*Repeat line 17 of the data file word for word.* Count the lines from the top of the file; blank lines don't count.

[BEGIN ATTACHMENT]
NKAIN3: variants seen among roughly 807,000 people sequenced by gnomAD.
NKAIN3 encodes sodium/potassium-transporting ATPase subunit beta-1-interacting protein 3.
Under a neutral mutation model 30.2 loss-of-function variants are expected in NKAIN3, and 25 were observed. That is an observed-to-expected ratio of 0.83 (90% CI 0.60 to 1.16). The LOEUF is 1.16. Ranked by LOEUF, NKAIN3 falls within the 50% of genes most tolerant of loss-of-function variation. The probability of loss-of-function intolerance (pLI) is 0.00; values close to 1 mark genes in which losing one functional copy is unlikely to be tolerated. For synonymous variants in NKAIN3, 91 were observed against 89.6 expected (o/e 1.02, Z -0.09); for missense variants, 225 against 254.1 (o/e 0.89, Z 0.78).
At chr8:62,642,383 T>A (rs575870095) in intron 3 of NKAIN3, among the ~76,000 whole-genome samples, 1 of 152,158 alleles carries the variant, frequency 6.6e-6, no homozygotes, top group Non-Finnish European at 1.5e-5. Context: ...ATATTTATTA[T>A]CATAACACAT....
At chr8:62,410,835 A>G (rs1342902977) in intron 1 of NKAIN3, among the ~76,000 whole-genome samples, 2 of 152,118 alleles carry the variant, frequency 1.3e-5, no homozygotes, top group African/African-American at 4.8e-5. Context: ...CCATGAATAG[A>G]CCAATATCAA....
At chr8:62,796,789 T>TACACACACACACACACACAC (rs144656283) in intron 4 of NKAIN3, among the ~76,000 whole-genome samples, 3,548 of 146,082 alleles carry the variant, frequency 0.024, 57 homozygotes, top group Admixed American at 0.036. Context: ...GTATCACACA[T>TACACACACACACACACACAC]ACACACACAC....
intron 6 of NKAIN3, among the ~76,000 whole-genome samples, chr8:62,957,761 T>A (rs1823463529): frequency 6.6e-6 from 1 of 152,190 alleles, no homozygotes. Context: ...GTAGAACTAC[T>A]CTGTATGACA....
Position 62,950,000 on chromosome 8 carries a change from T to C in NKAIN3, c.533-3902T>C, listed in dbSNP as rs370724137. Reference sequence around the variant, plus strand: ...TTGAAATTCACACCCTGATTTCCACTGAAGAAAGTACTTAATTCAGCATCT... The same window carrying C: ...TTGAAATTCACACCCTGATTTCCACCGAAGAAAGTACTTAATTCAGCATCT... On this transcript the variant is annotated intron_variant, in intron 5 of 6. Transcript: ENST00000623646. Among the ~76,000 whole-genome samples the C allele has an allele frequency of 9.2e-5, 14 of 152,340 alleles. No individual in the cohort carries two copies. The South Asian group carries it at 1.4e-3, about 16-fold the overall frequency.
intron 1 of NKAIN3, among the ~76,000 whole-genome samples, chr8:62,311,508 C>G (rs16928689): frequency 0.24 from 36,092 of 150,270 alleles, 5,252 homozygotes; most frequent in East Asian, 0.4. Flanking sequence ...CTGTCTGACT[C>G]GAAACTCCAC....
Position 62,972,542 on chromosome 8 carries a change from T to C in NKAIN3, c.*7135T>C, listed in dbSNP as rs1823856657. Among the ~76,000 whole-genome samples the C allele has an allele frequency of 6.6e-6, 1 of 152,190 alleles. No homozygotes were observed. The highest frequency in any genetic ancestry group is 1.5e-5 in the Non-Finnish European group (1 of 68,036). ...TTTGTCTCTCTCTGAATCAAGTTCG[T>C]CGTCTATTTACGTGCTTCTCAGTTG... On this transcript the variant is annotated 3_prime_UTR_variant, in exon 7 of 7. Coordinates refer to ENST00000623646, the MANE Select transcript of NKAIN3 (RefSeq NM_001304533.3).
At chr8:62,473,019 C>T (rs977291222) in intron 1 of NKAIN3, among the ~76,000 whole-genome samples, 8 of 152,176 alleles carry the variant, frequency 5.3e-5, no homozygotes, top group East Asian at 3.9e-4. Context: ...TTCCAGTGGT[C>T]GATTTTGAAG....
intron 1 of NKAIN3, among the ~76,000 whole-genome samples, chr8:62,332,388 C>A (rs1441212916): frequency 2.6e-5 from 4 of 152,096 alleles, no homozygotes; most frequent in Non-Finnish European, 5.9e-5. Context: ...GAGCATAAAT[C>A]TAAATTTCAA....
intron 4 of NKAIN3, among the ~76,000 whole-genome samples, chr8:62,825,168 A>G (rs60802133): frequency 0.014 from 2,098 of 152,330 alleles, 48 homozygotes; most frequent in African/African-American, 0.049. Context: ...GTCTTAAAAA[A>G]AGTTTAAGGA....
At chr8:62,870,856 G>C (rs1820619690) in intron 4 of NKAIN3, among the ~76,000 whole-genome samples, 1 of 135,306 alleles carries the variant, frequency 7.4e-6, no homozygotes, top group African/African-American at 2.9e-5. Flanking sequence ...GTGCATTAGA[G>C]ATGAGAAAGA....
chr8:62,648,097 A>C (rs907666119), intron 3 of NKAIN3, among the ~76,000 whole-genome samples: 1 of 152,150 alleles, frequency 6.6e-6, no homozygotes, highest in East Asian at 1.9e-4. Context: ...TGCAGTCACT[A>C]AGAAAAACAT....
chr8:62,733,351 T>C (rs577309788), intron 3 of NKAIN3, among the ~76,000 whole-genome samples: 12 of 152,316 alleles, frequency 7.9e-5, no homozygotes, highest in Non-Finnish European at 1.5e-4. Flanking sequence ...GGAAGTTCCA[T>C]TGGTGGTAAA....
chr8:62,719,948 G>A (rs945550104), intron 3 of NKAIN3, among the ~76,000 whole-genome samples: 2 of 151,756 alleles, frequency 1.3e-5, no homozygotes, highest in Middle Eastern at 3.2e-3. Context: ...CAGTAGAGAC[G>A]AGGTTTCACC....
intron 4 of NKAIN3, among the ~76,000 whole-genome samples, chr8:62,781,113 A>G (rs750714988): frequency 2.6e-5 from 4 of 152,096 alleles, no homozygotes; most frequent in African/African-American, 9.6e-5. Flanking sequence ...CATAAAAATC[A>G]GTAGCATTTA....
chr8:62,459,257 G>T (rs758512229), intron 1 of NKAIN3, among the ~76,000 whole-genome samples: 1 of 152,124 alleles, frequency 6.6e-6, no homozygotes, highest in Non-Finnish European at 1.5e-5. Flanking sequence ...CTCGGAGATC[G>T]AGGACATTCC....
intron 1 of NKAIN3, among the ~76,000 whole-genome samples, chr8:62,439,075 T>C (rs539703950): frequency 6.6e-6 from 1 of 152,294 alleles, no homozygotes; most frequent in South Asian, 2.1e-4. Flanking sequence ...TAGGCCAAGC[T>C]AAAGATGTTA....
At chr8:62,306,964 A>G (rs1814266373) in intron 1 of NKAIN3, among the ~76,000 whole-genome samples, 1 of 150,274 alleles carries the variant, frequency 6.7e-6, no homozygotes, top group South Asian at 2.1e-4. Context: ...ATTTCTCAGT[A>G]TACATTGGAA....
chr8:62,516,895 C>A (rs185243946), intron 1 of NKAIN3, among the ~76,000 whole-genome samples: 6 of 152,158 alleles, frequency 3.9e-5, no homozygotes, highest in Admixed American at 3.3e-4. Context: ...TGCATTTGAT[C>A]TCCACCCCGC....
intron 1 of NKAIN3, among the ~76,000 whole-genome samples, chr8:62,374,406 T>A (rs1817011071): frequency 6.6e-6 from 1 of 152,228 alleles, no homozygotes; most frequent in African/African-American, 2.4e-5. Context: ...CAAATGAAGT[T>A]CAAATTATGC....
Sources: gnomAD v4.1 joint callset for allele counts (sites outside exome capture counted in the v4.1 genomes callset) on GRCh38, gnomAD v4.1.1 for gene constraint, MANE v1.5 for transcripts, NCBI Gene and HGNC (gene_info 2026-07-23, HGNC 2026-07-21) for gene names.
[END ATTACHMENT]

chr8:62,719,948 G>A (rs945550104), intron 3 of NKAIN3, among the ~76,000 whole-genome samples: 2 of 151,756 alleles, frequency 1.3e-5, no homozygotes, highest in Middle Eastern at 3.2e-3. Context: ...CAGTAGAGAC[G>A]AGGTTTCACC....